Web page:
Use the Limit Comparison Test to prove convergence or divergence of the infinite series.

$\sum _{n=2}^{\mathrm{\infty}}\frac{n}{\sqrt{{n}^{3}+1}}$

UkusakazaL
2021-01-31
Answered

Use the Limit Comparison Test to prove convergence or divergence of the infinite series.

$\sum _{n=2}^{\mathrm{\infty}}\frac{n}{\sqrt{{n}^{3}+1}}$

You can still ask an expert for help

Arnold Odonnell

Answered 2021-02-01
Author has **109** answers

Let the given expression be represented as,

${a}_{n}=\frac{n}{\sqrt{{n}^{3}+1}}$

Consider another function${b}_{n}=\frac{1}{\sqrt{n}}$

According to the limit comparison test-

1. If$\underset{n\to \mathrm{\infty}}{lim}(\frac{{a}_{n}}{{b}_{n}})=$ finite positive value, then series $\sum _{n\to \mathrm{\infty}}{a}_{n}$ and $\sum _{n\to \mathrm{\infty}}{b}_{n}$ behave alike, i.e. either both converge or both diverge.

2. If$\underset{n\to \mathrm{\infty}}{lim}(\frac{{a}_{n}}{{b}_{n}})=0$ and $\sum _{n\to \mathrm{\infty}}{b}_{n}$ converges, then series $\sum _{n\to \mathrm{\infty}}{a}_{n}$ will also converge.

3. If$\underset{n\to \mathrm{\infty}}{lim}(\frac{{a}_{n}}{{b}_{n}})\to \mathrm{\infty}$ diverges, then series $\sum _{n\to \mathrm{\infty}}{a}_{n}$ will also diverge.

Clearly the series$\sum _{n=1}^{\mathrm{\infty}}{b}_{n}$ is a converging series as the term $\underset{n\to \mathrm{\infty}}{lim}\frac{1}{\sqrt{n}}\approx 0$

Check fot he series$(\frac{{a}_{n}}{{b}_{n}})$ as,

$\underset{n\to \mathrm{\infty}}{lim}(\frac{{a}_{n}}{{b}_{n}})=\left(\frac{\frac{n}{\sqrt{{n}^{3}-1}}}{\frac{1}{\sqrt{n}}}\right)$

$=\underset{n\to \mathrm{\infty}}{lim}(\frac{n}{\sqrt{{n}^{3}-1}}\times \sqrt{n})$

$=\underset{n\to \mathrm{\infty}}{lim}(\frac{\sqrt{{n}^{3}}}{\sqrt{{n}^{3}-1}})$

$=\underset{n\to \mathrm{\infty}}{lim}(\sqrt{\frac{{n}^{3}}{{n}^{3}-1}})$

$=\underset{n\to \mathrm{\infty}}{lim}(\sqrt{\frac{1}{1-\frac{1}{{n}^{3}}}})$

As$n\to \mathrm{\infty}$ , then $\frac{1}{{n}^{3}}\to 0$ ,

$\underset{n\to \mathrm{\infty}}{lim}(\frac{{a}_{n}}{{b}_{n}})=\sqrt{\frac{1}{1-0}}$

$=1$

Since$\underset{n\to \mathrm{\infty}}{lim}(\frac{{a}_{n}}{{b}_{n}})$ is a finite positive value and $\sum _{n=1}^{\mathrm{\infty}}{b}_{n}$ is converging, therefore the limit comparison test implies that, the series $\sum _{n=1}^{\mathrm{\infty}}{a}_{n}$ is also converging.

Consider the following,

$\sum _{n=2}^{\mathrm{\infty}}\frac{n}{\sqrt{{n}^{3}+1}}=\sum _{n=1}^{\mathrm{\infty}}\frac{n}{\sqrt{{n}^{3}+1}}-[\frac{n}{\sqrt{{n}^{3}+1}}{]}_{n=1}$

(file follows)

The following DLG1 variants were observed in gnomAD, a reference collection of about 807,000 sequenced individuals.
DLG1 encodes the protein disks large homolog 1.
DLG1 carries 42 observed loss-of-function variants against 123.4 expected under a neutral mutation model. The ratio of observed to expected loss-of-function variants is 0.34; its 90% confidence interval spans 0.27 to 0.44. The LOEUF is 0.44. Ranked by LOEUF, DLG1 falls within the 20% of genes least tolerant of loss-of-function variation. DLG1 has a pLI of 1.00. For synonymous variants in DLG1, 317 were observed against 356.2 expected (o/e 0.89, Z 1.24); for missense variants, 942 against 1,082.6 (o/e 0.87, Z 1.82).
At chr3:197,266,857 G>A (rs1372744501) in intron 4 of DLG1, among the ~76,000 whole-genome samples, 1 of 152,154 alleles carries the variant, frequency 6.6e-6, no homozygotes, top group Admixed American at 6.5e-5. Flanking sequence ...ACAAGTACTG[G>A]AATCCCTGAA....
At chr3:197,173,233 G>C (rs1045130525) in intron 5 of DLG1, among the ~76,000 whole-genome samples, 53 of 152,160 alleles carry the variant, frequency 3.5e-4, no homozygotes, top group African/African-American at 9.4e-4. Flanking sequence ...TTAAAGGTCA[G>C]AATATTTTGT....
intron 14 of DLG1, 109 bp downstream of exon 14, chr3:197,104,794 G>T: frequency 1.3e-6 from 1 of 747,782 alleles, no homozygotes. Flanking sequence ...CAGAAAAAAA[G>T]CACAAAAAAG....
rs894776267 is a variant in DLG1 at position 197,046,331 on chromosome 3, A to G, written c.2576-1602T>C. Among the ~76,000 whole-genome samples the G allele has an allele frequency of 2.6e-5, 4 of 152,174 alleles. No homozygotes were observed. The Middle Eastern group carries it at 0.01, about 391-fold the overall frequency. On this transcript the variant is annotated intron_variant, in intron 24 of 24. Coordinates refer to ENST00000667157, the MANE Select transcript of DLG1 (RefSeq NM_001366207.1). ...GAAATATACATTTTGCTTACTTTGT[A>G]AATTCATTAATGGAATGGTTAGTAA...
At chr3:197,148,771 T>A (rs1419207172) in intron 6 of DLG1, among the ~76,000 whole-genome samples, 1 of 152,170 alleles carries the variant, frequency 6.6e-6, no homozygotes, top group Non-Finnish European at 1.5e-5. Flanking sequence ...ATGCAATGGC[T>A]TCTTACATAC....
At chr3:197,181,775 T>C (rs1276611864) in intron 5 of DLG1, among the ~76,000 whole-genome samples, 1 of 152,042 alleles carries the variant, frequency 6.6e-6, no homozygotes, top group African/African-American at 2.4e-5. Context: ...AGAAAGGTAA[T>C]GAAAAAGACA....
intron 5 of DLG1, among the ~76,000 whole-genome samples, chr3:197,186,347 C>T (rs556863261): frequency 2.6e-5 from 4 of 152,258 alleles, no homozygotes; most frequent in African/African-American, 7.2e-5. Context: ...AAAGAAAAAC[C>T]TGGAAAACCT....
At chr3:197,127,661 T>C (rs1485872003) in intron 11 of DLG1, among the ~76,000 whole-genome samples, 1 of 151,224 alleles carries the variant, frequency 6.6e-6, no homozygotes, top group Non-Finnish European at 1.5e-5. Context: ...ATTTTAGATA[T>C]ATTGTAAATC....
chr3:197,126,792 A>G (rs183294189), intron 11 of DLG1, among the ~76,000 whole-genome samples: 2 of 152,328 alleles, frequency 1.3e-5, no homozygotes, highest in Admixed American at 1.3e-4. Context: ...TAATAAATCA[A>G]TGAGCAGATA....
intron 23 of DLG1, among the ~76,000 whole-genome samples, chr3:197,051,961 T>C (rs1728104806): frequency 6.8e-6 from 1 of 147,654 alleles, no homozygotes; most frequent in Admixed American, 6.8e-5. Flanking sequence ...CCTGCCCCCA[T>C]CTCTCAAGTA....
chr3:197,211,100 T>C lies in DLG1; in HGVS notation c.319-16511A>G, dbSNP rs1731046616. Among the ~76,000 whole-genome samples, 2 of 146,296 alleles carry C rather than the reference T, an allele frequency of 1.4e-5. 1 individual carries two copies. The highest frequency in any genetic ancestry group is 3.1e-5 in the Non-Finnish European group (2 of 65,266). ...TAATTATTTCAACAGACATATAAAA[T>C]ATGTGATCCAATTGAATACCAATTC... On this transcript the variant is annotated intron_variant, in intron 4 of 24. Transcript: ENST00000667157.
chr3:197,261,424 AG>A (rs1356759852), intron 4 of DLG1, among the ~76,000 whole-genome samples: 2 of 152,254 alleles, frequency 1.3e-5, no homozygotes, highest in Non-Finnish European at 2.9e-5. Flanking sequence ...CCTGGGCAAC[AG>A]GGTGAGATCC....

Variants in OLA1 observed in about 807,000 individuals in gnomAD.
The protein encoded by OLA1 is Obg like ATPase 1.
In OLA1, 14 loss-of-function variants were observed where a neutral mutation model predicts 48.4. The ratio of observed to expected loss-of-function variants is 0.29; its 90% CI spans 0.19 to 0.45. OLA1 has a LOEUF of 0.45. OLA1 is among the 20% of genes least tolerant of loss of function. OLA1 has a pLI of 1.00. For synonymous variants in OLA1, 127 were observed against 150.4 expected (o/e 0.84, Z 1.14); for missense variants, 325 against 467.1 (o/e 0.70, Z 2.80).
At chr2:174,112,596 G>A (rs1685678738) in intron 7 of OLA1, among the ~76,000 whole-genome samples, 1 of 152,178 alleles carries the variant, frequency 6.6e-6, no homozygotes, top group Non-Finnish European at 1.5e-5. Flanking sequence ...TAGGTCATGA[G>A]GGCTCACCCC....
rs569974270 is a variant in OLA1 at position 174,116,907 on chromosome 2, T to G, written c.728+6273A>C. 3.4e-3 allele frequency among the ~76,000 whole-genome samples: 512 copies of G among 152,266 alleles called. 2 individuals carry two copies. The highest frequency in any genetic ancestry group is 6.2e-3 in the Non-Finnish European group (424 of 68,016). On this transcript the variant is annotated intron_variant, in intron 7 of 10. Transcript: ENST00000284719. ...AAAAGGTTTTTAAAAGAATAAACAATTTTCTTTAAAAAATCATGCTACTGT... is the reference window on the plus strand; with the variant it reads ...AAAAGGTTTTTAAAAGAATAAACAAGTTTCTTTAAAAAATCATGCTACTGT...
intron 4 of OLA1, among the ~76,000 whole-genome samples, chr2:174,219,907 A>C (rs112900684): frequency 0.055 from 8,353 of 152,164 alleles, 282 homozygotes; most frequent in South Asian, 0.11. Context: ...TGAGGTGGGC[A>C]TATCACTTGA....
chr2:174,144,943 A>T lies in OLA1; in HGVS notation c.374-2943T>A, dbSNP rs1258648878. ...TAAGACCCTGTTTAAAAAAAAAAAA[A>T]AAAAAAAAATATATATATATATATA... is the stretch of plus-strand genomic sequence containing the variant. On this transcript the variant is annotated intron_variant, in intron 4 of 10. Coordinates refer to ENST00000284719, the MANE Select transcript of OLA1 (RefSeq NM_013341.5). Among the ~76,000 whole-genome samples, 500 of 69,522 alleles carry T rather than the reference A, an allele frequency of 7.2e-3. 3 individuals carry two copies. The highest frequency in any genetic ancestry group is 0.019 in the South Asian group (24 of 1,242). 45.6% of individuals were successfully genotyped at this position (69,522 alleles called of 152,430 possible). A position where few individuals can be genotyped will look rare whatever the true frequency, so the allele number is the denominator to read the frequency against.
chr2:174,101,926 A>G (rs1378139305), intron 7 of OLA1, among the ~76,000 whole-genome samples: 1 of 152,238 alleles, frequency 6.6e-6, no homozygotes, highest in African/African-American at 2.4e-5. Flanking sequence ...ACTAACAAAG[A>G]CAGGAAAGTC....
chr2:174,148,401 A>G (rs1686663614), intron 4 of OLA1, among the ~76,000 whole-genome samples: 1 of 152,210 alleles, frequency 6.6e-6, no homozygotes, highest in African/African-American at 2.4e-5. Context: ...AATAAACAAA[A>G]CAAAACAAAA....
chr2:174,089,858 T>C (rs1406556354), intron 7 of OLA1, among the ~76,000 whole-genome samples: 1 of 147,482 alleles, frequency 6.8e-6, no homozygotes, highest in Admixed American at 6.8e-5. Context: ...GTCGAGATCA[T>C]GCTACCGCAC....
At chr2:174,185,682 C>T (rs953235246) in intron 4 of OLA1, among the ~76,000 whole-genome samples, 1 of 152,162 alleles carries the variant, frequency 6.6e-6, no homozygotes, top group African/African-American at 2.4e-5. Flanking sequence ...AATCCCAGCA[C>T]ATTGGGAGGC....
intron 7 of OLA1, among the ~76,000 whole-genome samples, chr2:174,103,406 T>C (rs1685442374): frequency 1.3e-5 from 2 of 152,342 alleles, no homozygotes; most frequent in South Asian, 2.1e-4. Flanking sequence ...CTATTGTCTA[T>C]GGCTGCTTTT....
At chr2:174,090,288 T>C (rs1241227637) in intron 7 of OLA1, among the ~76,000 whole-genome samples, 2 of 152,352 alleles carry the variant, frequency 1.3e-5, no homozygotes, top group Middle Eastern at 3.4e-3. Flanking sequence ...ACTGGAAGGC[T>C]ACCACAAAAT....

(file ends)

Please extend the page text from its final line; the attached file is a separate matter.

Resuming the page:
$=\sum _{n=1}^{\mathrm{\infty}}\frac{n}{\sqrt{{n}^{3}+1}}-\frac{1}{\sqrt{{1}^{3}+1}}$

$=\sum _{n=1}^{\mathrm{\infty}}\frac{n}{\sqrt{{n}^{3}+1}}-\frac{1}{\sqrt{2}}$

Consider that the difference between two finite values is also finite.

Thus, it is concluded that the series$=\sum _{n=2}^{\mathrm{\infty}}\frac{n}{\sqrt{{n}^{3}+1}}$ is converging.

Consider another function

According to the limit comparison test-

1. If

2. If

3. If

Clearly the series

Check fot he series

As

Since

Consider the following,

Consider that the difference between two finite values is also finite.

Thus, it is concluded that the series

Jeffrey Jordon

Answered 2021-12-27
Author has **2262** answers

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So my problem is that I have to use implicit differentiation to find the derivative of $F(x,y)={e}^{xy}-x$ when $F(x,y)=10$ and the equation of the tangent at the point $(1,\mathrm{log}(11))$. So I tried to solve this using two ways:

The first way I used was rearranging the equation to $10+x={e}^{xy}$ and then using $\mathrm{ln}$ to simply into $\mathrm{ln}(10+x)=xy$ before using implicit differentiation. The result is

$\frac{dy}{dx}=\frac{1}{10x+{x}^{2}}-\frac{y}{x}$

and after substituting the point, I get approximately −0.950 as the slope.

The second way I used was just differentiating it straight away rather than rearranging and I get

$\frac{dy}{dx}=\frac{\frac{1}{{e}^{xy}}-y}{x}.$

But when I sub the point in I get approximately −0.688 as the slope. So I'm not sure if I've done something wrong when getting the derivatives or am I not allowed to rearrange the equation?

The first way I used was rearranging the equation to $10+x={e}^{xy}$ and then using $\mathrm{ln}$ to simply into $\mathrm{ln}(10+x)=xy$ before using implicit differentiation. The result is

$\frac{dy}{dx}=\frac{1}{10x+{x}^{2}}-\frac{y}{x}$

and after substituting the point, I get approximately −0.950 as the slope.

The second way I used was just differentiating it straight away rather than rearranging and I get

$\frac{dy}{dx}=\frac{\frac{1}{{e}^{xy}}-y}{x}.$

But when I sub the point in I get approximately −0.688 as the slope. So I'm not sure if I've done something wrong when getting the derivatives or am I not allowed to rearrange the equation?